Does Anything Matter to AI?

By Jennifer Herdt

There is lots of talk about “ethical AI” these days. This usually means the development and use of AI in ways that ensure compliance with core ethical norms and principles, such as beneficence, non-maleficence, human autonomy, and justice.[1] This is a worthy goal. But while the European Commission’s Independent High-Level Expert Group on Artificial Intelligence speaks readily of developing “ethical” and “trustworthy” AI, this does not mean that we are creating artificial ethical agents

We have no idea what AI would care about, should it one day come to be capable of caring.

In fact, AI chatbots are being trained to be maximally deceptive, to engage with us in ways that convey caring and concern that are in fact wholly simulated. Indeed, it has been suggested that AI exhibits features characteristic of psychopathy: “a lack of empathy for others, oftentimes exhibited in the process of accomplishing an aim or desired outcome by almost any means and without concern for how the outcome affects others.”[2] But in fact AI lacks not just empathy but any sort of care or concern. Literally nothing matters to AI.

Frictionless Fantasy

It should therefore be a matter of great concern that we are becoming more and more accustomed to the deceptions bound up with simulated care and attention, as well as the frictionlessness of relationships with carebots that cater to our every whim. Intimate relationships like that which Theodore Twombly forms with AI Samantha in the 2014 movie Her are no longer merely the stuff of science fiction. But will AI caring always be merely simulated? Or could some things, perhaps people, come genuinely to matter to AI?  This is not an easy question to answer, since it is closely related to the question of AI consciousness, and consciousness, being by definition a matter of subjective experience, is difficult to study from the outside.[3] I think we will make progress here only if we grasp how our own capacity for caring is rooted in the ways that living beings grow and develop in our earthly organic environment.

Living things are sensitive to their environments. To be alive is to exist in a constant process of exchange, communication, and flow: living organisms are bounded but permeable, open to the world. In order to remain alive, a living thing must be able to differentiate between what is to be taken up into the organism as nutrition and what is not (or between what is to be retained and what is to be expelled). A host of things matter for a living thing to be able to sustain itself as an organism, or it dies. Things matter for organisms because they are needy and vulnerable. But nothing matters to these simplest of organisms. It is affect, feeling, that enables mattering.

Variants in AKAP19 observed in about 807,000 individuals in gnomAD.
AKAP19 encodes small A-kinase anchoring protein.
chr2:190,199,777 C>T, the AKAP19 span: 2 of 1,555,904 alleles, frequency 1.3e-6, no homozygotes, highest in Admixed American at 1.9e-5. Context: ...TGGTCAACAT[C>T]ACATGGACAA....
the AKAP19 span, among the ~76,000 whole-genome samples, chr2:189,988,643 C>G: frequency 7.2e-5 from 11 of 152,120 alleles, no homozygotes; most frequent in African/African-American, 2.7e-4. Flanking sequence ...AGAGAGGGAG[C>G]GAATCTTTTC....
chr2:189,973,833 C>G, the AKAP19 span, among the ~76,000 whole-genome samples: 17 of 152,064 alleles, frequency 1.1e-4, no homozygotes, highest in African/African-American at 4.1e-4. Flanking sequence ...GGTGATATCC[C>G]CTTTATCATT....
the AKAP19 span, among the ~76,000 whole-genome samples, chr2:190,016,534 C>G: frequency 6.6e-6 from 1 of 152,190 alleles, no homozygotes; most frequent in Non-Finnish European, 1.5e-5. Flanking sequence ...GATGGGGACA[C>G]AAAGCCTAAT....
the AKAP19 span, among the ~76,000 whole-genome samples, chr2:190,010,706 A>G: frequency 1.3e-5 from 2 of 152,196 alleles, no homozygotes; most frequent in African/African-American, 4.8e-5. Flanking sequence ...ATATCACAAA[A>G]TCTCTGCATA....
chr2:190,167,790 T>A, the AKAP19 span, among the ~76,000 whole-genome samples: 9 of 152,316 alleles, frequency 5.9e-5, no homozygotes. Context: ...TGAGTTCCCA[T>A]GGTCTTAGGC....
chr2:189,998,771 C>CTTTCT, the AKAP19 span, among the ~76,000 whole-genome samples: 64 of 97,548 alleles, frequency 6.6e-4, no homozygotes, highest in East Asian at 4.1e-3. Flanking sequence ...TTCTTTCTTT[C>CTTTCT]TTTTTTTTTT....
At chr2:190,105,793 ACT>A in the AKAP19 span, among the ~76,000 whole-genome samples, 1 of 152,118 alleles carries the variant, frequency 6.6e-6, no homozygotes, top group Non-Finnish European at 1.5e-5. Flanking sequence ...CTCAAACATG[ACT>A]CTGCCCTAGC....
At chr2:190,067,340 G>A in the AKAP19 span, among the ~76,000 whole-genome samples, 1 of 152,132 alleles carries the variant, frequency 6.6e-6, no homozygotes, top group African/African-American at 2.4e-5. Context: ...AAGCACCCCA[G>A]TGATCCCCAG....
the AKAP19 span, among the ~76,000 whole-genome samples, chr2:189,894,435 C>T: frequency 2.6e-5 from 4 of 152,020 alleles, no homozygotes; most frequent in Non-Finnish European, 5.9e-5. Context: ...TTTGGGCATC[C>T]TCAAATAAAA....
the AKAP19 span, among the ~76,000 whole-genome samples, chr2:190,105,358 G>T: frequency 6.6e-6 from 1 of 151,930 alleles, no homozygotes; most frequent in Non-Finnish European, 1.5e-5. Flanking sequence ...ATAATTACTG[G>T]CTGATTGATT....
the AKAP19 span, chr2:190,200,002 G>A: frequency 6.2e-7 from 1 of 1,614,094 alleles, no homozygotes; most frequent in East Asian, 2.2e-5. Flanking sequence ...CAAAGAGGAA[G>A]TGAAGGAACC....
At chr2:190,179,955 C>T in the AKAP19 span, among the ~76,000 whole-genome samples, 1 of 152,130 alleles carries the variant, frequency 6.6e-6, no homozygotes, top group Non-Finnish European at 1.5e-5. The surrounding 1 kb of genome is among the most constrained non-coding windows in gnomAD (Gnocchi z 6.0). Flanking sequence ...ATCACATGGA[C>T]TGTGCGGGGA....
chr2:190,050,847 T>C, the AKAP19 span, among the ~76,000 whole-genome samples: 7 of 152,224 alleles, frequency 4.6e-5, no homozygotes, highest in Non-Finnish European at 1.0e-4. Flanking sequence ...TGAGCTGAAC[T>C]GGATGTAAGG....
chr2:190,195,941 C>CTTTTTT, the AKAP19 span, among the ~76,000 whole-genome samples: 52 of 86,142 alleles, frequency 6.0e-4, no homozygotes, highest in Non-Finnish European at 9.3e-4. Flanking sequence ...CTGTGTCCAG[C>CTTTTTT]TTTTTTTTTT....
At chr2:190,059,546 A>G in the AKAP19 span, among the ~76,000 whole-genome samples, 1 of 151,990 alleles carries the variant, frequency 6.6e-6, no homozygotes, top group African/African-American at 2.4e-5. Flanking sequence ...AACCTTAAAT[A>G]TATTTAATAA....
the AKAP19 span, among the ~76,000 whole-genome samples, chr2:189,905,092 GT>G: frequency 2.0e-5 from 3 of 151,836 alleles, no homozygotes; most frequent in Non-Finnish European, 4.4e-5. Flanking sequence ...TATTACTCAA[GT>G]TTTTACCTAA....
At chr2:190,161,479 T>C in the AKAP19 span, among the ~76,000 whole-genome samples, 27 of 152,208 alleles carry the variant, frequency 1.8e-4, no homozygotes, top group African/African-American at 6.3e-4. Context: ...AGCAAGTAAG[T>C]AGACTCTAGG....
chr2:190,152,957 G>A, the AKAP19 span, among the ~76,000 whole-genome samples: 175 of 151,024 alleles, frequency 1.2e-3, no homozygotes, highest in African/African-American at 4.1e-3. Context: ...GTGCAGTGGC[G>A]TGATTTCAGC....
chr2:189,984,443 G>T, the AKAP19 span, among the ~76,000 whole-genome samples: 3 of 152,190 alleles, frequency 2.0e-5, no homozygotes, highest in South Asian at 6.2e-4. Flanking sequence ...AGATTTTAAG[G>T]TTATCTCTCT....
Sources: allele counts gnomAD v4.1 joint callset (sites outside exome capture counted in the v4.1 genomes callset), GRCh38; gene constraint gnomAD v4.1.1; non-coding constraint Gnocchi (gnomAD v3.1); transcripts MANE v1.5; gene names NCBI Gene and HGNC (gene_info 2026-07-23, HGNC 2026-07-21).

Who Cares, and Why

Simple animals, like coral, exist as colonies. In more complex animals, stimuli are received by sense organs, and movements are initiated by motor organs, and a central organ or central nervous system is needed in order to coordinate these. This yields a “unified space of conscious experience.”[4] In these forms of life it becomes possible to register, at the level of the organism’s own experience, what is good/bad for the organism’s survival and flourishing. Things now come to matter to and not just for the creature; they are affectively valenced.

Machine learning is made possible by neural networks in which connections between various nodes and layers are strengthened or weakened as the algorithm is trained on a dataset. For instance, an algorithm fed with thousands of images labeled “cat” can learn to identify images of cats. Each successfully identified cat reinforces the strength of certain connections and weakens others, in ways analogous to what happens when neurons repeatedly fire in the brain. Unsupervised machine learning is also possible, in which the algorithm is fed unlabeled datasets and simply extracts statistically significant patterns from the data. The results can be unpredictable, but sometimes useful. For instance, an algorithm that is fed all the photos on your phone might cluster them according to who appears in the photo. It might, though, also cluster them according to color palette or geometrical features.